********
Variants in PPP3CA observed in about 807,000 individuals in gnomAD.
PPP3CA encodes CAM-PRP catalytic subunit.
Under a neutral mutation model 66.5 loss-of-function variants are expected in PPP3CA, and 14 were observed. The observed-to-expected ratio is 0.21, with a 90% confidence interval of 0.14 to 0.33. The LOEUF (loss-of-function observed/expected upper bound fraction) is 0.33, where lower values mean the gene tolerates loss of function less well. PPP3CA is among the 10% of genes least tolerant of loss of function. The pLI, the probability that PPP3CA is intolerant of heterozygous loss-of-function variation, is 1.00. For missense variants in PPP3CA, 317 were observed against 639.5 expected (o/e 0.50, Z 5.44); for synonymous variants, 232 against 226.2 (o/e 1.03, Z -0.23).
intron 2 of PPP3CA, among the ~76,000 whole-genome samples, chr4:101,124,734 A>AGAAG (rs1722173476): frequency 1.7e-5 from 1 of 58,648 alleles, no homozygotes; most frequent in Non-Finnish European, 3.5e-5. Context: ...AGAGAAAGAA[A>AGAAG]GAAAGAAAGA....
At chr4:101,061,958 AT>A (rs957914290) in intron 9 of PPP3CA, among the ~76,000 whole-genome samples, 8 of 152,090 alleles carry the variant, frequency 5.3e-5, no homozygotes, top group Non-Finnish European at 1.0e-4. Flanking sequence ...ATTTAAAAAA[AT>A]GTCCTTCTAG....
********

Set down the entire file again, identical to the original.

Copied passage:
Variants in PPP3CA observed in about 807,000 individuals in gnomAD.
PPP3CA encodes CAM-PRP catalytic subunit.
Under a neutral mutation model 66.5 loss-of-function variants are expected in PPP3CA, and 14 were observed. The observed-to-expected ratio is 0.21, with a 90% confidence interval of 0.14 to 0.33. The LOEUF (loss-of-function observed/expected upper bound fraction) is 0.33, where lower values mean the gene tolerates loss of function less well. PPP3CA is among the 10% of genes least tolerant of loss of function. The pLI, the probability that PPP3CA is intolerant of heterozygous loss-of-function variation, is 1.00. For missense variants in PPP3CA, 317 were observed against 639.5 expected (o/e 0.50, Z 5.44); for synonymous variants, 232 against 226.2 (o/e 1.03, Z -0.23).
intron 2 of PPP3CA, among the ~76,000 whole-genome samples, chr4:101,124,734 A>AGAAG (rs1722173476): frequency 1.7e-5 from 1 of 58,648 alleles, no homozygotes; most frequent in Non-Finnish European, 3.5e-5. Context: ...AGAGAAAGAA[A>AGAAG]GAAAGAAAGA....
At chr4:101,061,958 AT>A (rs957914290) in intron 9 of PPP3CA, among the ~76,000 whole-genome samples, 8 of 152,090 alleles carry the variant, frequency 5.3e-5, no homozygotes, top group Non-Finnish European at 1.0e-4. Flanking sequence ...ATTTAAAAAA[AT>A]GTCCTTCTAG....